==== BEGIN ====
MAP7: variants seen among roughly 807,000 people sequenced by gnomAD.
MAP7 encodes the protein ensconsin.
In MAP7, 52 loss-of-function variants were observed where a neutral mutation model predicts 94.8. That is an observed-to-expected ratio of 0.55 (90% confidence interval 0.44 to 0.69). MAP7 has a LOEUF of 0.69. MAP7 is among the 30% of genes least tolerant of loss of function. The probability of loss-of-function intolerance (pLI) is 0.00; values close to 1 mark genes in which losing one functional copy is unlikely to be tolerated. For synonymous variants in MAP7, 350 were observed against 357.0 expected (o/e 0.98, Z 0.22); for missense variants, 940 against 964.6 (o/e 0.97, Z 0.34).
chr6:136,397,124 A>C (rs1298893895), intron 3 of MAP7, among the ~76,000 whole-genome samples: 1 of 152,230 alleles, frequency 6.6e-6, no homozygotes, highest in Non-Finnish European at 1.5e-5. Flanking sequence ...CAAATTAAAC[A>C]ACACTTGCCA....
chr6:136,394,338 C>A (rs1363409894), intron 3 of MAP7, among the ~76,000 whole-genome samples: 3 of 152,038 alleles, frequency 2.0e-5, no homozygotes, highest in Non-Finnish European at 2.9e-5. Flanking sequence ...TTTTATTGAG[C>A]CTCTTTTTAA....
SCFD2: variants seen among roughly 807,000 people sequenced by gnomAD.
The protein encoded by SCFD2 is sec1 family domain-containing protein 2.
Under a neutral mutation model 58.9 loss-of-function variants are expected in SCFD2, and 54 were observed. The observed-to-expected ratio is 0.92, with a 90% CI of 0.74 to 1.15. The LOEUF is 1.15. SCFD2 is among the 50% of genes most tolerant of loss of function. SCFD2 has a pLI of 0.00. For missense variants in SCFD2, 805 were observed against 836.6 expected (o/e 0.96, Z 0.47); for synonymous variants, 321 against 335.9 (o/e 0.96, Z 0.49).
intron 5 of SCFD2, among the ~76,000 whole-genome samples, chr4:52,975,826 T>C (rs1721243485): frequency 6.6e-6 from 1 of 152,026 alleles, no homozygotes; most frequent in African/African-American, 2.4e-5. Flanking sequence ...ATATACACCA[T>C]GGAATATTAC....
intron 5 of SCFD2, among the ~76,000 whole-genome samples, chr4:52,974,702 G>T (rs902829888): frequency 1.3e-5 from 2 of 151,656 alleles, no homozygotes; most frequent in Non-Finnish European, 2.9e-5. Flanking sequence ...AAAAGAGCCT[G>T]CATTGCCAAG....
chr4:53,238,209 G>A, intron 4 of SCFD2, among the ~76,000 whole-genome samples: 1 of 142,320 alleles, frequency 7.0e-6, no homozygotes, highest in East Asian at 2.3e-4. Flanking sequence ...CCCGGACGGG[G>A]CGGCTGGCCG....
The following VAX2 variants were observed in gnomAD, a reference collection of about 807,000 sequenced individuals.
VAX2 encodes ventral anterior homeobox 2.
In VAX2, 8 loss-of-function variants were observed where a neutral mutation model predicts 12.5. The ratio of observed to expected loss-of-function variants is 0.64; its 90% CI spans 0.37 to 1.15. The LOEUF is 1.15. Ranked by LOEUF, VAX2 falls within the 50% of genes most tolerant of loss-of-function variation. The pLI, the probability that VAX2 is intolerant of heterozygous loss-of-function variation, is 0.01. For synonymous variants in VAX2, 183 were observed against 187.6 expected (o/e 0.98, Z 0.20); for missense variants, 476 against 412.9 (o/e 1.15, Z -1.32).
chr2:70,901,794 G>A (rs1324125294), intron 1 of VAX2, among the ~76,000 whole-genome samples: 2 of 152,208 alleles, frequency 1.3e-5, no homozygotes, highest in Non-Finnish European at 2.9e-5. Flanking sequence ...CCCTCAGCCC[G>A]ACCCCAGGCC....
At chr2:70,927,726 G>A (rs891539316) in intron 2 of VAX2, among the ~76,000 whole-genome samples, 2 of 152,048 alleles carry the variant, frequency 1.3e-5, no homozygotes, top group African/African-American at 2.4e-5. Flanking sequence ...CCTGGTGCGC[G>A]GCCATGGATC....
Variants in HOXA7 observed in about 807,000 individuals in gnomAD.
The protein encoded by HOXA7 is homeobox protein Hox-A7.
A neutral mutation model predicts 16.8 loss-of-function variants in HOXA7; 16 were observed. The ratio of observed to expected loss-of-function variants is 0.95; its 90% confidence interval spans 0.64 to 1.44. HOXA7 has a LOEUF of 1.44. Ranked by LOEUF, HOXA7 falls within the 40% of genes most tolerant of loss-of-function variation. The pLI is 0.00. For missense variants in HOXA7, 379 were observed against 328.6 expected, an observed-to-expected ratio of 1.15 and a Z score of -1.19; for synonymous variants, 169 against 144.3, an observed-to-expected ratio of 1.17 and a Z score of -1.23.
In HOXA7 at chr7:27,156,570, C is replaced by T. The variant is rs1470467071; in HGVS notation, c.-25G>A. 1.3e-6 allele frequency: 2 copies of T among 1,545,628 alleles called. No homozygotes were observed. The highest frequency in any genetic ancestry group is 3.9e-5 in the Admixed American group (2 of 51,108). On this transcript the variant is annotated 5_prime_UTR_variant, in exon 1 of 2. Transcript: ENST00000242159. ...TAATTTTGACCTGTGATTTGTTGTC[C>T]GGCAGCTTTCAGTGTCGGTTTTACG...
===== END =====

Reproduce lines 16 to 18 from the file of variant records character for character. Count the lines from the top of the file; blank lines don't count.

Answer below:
At chr2:70,927,726 G>A (rs891539316) in intron 2 of VAX2, among the ~76,000 whole-genome samples, 2 of 152,048 alleles carry the variant, frequency 1.3e-5, no homozygotes, top group African/African-American at 2.4e-5. Flanking sequence ...CCTGGTGCGC[G>A]GCCATGGATC....
Variants in HOXA7 observed in about 807,000 individuals in gnomAD.
The protein encoded by HOXA7 is homeobox protein Hox-A7.